6. In August, the Jets lost starting left tackle Mekhi Becton to a second straight season-ending knee injury. On Friday, his replacement, free-agent signing Duane Brown, was ruled out of Week 1 with a shoulder injury. Now starting right tackle George Fant, who impressed at left tackle after replacing the injured Becton last season, will return there Sunday. Rookie Max Mitchell, a fourth-round pick who graded out poorly in the preseason, according to PFF, will start at right tackle.
The Jets’ musical chairs up front could make Flacco a sitting duck for edge rushers like Odafe and Houston. “You’re not playing a rushing quarterback, let’s just put it that way,” ESPN analyst Matt Bowen said in a recent interview. “You start moving late rotations [in coverage], you’re going to see it fast and get the ball out, try to be efficient with the ball. But Joe Flacco is not a high-end mover, and I would heat him up. That’s what I would do as a defensive coordinator. I’d go after him.”
7. Week 1 could deliver the season’s best special teams matchup. The Ravens finished last year ranked No. 1 in overall efficiency, according to Football Outsiders, bolstered by All-Pro kicker Justin Tucker and All-Pro punt returner Devin Duvernay. The Jets, led by All-Pro kick returner Braxton Berrios, were No. 2.
“If we play well, it will show, and I do believe our guys will go out and they will play well,” Ravens special teams coordinator Chris Horton said Thursday. “It’s just one of those things. They are a good football team; they have good players. It’s going to be for our guys to create the matchups and the things we want to see. Sunday is Sunday, and we’ll find out once we actually get out there and see the guys out on the field.”
8. The Ravens and Jets share another distinction, this one unwanted: They were the NFL’s two most injured teams last season. While the Ravens finished 2021 with the most “adjusted games lost” in Football Outsiders’ two decades of charting — a metric that accounts for the relative value of starters — the Jets actually had more games lost on defense. Defensive ends Carl Lawson and Vinny Curry missed the entire season. Safeties Lamarcus Joyner and Marcus Maye played in just seven games total.
The Ravens are still getting back to full strength, with left tackle Ronnie Stanley, running back J.K. Dobbins and Peters all either questionable or doubtful for Sunday’s game. Running back Gus Edwards, tight end Charlie Kolar and outside linebackers Tyus Bowser and David Ojabo will miss at least the first four games.
9. Devin Duvernay could be one of the busiest players inside MetLife Stadium on Sunday, and in every week the Ravens play after that. Already the team’s top kickoff and punt returner, Duvernay is now expected to start at wide receiver alongside Bateman. He played at least 60 combined snaps in just two games last season. With a more regular workload on offense, that could be the norm.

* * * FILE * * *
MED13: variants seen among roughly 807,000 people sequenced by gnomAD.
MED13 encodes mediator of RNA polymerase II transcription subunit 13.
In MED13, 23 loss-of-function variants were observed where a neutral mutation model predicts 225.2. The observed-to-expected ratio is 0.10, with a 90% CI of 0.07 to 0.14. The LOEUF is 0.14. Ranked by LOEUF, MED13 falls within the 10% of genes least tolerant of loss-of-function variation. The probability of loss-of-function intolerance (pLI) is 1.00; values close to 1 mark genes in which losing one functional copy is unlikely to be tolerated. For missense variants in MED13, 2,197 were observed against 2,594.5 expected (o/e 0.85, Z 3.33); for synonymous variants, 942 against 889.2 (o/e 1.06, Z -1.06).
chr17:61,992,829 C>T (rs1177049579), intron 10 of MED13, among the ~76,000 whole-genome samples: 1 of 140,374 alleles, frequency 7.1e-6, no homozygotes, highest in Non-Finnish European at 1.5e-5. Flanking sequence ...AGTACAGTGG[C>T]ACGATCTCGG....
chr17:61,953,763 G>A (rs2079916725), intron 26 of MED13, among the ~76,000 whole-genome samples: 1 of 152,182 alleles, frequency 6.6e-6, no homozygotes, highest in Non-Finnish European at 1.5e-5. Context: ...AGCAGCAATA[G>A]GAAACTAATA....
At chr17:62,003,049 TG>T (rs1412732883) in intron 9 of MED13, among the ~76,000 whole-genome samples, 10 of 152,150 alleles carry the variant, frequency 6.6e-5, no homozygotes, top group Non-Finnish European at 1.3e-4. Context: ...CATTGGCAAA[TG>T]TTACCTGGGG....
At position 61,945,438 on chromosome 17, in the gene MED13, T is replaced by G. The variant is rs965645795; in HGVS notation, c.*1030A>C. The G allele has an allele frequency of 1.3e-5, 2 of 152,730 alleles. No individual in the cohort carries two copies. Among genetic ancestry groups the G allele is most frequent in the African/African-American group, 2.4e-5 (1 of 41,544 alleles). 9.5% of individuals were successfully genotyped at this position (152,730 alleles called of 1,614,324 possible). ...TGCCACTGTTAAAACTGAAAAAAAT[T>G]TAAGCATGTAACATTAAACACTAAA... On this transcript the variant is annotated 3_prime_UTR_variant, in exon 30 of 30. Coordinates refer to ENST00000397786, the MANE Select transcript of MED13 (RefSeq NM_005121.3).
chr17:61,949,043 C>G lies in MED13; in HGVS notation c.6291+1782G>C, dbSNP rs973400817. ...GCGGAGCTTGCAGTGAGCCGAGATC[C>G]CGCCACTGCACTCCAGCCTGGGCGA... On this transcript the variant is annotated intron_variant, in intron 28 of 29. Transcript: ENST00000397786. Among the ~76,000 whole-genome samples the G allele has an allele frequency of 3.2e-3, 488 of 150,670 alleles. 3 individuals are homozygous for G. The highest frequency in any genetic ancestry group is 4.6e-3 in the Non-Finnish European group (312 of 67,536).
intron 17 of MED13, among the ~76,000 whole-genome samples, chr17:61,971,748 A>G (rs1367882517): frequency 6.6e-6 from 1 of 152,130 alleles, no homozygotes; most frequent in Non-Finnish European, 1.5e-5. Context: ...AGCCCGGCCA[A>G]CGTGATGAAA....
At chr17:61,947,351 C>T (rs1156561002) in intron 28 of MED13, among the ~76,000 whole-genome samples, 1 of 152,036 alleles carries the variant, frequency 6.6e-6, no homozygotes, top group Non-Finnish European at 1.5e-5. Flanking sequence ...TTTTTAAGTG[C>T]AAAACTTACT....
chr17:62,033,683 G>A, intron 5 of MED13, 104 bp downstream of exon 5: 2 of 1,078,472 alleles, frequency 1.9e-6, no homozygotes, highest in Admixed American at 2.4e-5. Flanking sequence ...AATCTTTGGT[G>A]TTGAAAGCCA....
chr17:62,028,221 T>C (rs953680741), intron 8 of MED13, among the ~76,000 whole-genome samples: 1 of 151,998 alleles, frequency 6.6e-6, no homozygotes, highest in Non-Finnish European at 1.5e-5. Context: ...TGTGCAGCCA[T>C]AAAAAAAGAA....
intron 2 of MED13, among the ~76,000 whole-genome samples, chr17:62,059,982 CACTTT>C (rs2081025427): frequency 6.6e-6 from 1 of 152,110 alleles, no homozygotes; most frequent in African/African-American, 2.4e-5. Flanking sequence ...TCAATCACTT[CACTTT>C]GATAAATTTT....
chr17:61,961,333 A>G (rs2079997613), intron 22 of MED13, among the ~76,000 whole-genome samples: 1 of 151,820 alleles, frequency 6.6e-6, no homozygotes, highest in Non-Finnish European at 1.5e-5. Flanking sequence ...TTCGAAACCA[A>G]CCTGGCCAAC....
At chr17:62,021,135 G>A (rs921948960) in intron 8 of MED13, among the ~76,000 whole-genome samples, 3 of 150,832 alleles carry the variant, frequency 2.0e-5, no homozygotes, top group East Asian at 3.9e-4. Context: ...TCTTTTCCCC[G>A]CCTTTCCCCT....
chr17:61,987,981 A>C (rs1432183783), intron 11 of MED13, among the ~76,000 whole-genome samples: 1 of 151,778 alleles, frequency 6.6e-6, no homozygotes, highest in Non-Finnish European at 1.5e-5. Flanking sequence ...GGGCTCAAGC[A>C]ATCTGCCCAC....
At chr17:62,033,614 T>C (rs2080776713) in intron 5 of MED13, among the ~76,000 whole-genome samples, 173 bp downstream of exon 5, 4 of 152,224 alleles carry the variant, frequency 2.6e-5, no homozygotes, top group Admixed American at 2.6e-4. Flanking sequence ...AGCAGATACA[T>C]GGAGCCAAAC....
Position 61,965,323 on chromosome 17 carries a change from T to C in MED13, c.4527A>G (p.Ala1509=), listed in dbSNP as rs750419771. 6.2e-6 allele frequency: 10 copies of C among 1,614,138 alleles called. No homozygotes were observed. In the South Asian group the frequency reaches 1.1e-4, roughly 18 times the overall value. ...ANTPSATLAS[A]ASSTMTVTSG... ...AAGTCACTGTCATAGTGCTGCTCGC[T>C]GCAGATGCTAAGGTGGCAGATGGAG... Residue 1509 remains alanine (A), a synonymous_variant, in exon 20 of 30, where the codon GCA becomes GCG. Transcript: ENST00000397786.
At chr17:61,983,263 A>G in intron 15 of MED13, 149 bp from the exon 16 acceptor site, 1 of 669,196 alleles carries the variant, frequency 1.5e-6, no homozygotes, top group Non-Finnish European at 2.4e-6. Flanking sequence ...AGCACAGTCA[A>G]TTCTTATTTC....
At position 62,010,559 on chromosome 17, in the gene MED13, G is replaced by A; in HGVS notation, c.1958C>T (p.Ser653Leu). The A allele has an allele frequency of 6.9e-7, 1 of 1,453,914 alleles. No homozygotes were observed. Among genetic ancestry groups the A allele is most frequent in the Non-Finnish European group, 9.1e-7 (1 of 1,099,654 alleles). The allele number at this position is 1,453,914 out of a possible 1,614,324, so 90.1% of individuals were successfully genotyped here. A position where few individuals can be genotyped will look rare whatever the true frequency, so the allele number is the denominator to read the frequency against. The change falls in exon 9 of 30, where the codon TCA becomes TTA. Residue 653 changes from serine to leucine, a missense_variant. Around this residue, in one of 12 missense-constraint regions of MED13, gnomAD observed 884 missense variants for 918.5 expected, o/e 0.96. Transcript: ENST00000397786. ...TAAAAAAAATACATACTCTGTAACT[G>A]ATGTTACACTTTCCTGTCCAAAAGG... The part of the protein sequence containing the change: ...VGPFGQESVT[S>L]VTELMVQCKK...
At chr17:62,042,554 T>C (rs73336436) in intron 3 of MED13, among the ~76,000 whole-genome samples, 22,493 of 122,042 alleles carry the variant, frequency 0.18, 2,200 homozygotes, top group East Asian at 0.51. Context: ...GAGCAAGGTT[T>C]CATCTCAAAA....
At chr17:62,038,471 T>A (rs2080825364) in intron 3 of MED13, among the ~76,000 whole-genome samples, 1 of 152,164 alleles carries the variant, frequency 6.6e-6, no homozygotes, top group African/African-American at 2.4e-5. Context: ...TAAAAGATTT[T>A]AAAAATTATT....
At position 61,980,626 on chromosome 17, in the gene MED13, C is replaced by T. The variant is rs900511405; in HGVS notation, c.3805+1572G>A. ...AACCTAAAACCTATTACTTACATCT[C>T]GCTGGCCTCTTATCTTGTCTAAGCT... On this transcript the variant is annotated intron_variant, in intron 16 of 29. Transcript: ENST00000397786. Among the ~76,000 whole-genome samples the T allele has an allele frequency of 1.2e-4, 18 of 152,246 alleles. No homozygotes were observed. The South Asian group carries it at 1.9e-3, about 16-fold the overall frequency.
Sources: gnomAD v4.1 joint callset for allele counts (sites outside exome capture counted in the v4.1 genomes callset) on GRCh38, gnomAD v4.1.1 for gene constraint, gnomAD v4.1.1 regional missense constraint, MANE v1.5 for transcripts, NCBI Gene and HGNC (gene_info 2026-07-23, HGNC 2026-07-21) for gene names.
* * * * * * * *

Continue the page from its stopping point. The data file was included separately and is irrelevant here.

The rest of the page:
“He can handle everything that we ask of him,” Harbaugh said Friday. “There’s no doubt about that. And then we’ll try to ask of him the right amount. So however that shakes out, we’ll see.”
10. Sunday will mark Jets inside linebacker C.J. Mosley’s first game against the Ravens since leaving Baltimore after the 2018 season to sign a five-year, $85 million deal. Mosley, a four-time Pro Bowl selection with the Ravens, took a while to get going in his new home. A groin injury limited Mosley to two games in 2019, and he opted out of the 2020 season amid the coronavirus pandemic. Last season, he finished fourth in the NFL in tackles with a career-high 168.
But Mosley’s pass defense was a glaring issue. According to Pro Football Reference, he was targeted 68 times in coverage in 2021 and allowed 58 completions (85.3% accuracy) for 525 yards and three touchdowns. Tight ends last season regularly hurt the Jets, who had the second-worst efficiency in the NFL when defending the group, according to Football Outsiders. That bodes well for the Ravens’ Mark Andrews and Isaiah Likely.
11. Two former Bengals standouts could loom large Sunday. Uzomah had 49 catches for 493 yards last season for Cincinnati, with over a quarter of his yardage coming against the Ravens. He had three catches for 91 yards in Week 7, shedding Humphrey for a 55-yard catch-and-run score, and five catches for 36 yards in Week 16. Uzomah signed a three-year, $24 million contract with the Jets in March.
Lawson, who agreed to a three-year, $45 million deal in 2021, had less success in his AFC North days. In seven games against the Ravens from 2017 to 2020, he had just one sack and six quarterback hits. He missed all of last season with a torn Achilles tendon but is expected to play Sunday, likely lining up across from Ravens left tackle Ja’Wuan James. Jets defensive coordinator Jeff Ulbrich said Lawson’s physical ability makes him a “unicorn.” “We missed him last year, we’re excited to have him back, we really are,” Ulbrich said Thursday, “and I know he’s excited, too.”
12. Jackson needs 33 passing yards Sunday to reach 10,000 for his career. He would become the fastest quarterback in NFL history to record 10,000 passing yards and 3,500 rushing yards (59 games), marks only seven others have reached. With another 100-yard rushing performance, he’d also set an NFL regular-season record for the most by a quarterback, breaking his tie with Michael Vick (10).
Bateman needs four catches Sunday to become the fastest player in Ravens history to reach 50 in his career (13 games). In 2011, wide receiver Torrey Smith (Maryland) had 50 receptions over his 16-game rookie season.
13. Under Harbaugh, the Ravens are 10-4 in season openers and have won five of their past six. Harbaugh’s .714 winning percentage in Week 1 is tied for the NFL’s third-best mark since he took over in 2008.
Winning on Sunday, Harbaugh said, is “important. It’s 1-0. There’s a big difference if you go 0-1. Then you have to win two in a row to get back to where you would have been if you had won in the first place. That’s kind of the math of it. So it’s a big deal.”